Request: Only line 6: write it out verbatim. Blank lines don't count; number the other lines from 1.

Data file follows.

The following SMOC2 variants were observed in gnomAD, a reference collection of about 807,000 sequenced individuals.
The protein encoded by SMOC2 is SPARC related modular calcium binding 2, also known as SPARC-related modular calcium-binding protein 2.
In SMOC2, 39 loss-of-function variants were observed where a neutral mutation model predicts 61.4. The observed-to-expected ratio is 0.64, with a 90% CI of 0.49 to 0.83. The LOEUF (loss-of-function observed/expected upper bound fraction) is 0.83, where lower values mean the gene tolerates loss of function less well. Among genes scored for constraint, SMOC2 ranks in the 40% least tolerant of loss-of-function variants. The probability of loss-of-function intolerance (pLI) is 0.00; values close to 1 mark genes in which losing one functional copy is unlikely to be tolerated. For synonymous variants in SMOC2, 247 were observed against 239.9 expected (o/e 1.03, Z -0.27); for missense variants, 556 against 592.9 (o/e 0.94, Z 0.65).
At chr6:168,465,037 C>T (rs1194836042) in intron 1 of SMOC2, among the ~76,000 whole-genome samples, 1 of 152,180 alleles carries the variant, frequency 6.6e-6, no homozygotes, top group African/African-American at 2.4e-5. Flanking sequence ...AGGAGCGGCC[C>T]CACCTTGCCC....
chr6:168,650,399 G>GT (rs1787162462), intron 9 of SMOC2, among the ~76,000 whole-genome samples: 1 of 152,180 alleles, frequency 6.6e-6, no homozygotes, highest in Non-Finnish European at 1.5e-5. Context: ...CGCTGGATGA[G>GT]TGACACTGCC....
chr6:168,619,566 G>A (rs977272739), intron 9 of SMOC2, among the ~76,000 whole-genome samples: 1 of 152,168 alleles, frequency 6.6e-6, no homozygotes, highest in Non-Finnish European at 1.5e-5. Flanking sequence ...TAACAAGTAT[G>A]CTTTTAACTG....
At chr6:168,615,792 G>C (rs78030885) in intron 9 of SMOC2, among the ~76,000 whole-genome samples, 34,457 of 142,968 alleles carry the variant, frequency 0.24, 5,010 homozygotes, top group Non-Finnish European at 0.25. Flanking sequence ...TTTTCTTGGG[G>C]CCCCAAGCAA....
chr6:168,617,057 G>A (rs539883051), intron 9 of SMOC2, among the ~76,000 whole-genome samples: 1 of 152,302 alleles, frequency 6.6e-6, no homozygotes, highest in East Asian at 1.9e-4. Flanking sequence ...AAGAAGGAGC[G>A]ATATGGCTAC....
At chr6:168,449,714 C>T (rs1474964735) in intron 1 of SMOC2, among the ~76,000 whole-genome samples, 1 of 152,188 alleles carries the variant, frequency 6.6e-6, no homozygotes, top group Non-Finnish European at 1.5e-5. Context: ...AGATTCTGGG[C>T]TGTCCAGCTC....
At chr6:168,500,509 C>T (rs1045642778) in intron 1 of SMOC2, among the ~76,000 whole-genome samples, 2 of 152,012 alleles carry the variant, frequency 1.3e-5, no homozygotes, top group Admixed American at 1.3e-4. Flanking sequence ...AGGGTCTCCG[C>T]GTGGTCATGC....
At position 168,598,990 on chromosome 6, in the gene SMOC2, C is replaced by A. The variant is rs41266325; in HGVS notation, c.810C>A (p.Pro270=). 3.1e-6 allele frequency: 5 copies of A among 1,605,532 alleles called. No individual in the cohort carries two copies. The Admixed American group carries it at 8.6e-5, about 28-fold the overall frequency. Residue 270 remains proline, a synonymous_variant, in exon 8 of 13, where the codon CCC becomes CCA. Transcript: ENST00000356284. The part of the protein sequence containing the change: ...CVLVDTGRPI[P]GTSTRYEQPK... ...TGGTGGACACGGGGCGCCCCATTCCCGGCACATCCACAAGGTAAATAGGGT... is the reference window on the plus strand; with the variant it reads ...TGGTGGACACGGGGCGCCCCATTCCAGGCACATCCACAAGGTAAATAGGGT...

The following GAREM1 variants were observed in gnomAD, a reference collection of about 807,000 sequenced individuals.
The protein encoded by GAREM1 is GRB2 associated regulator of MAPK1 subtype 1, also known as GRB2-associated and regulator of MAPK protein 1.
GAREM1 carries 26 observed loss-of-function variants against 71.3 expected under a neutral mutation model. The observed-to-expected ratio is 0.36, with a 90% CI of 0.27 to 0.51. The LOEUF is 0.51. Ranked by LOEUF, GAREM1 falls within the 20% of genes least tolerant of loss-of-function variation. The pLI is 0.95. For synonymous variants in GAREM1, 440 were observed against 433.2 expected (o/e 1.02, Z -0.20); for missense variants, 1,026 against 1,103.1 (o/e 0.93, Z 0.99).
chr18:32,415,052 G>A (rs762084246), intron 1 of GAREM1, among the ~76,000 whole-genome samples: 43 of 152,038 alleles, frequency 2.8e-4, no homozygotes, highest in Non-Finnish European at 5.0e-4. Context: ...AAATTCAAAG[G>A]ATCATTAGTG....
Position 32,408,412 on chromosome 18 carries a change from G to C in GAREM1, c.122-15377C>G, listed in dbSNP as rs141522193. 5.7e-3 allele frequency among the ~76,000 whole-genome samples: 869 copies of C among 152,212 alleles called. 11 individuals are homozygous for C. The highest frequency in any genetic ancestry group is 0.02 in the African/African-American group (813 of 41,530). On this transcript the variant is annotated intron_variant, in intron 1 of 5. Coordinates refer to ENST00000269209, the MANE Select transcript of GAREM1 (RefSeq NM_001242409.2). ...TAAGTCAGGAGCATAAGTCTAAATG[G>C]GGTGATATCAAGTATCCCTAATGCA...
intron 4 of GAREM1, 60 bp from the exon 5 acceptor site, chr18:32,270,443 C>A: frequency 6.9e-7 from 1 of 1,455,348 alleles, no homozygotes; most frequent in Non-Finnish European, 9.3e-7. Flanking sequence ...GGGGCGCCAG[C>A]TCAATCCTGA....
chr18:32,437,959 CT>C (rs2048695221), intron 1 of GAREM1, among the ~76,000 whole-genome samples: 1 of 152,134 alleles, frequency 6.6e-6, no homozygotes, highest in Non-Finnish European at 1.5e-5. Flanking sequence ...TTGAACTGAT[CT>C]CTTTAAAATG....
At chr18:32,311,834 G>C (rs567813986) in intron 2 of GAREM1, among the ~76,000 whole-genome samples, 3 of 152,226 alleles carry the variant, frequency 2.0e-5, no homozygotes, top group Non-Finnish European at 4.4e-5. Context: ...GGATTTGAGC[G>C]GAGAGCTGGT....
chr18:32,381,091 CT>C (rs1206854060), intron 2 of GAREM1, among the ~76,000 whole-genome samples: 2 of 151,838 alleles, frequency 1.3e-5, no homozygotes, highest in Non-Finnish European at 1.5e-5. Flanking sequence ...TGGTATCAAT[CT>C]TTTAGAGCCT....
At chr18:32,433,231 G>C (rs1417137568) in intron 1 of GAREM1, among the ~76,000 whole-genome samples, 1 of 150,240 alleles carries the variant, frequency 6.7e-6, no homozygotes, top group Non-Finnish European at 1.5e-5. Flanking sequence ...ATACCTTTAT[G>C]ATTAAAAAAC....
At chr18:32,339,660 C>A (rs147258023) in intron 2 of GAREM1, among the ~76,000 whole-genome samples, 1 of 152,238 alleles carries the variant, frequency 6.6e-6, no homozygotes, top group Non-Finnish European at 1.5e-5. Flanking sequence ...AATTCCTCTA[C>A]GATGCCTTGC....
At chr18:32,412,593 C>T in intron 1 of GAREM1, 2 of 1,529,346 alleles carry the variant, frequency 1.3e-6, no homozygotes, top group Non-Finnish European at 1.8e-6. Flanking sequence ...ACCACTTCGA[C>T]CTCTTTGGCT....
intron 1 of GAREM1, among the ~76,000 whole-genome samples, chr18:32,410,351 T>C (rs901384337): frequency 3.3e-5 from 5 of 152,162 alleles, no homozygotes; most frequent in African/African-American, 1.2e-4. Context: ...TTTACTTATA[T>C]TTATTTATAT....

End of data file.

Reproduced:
chr6:168,619,566 G>A (rs977272739), intron 9 of SMOC2, among the ~76,000 whole-genome samples: 1 of 152,168 alleles, frequency 6.6e-6, no homozygotes, highest in Non-Finnish European at 1.5e-5. Flanking sequence ...TAACAAGTAT[G>A]CTTTTAACTG....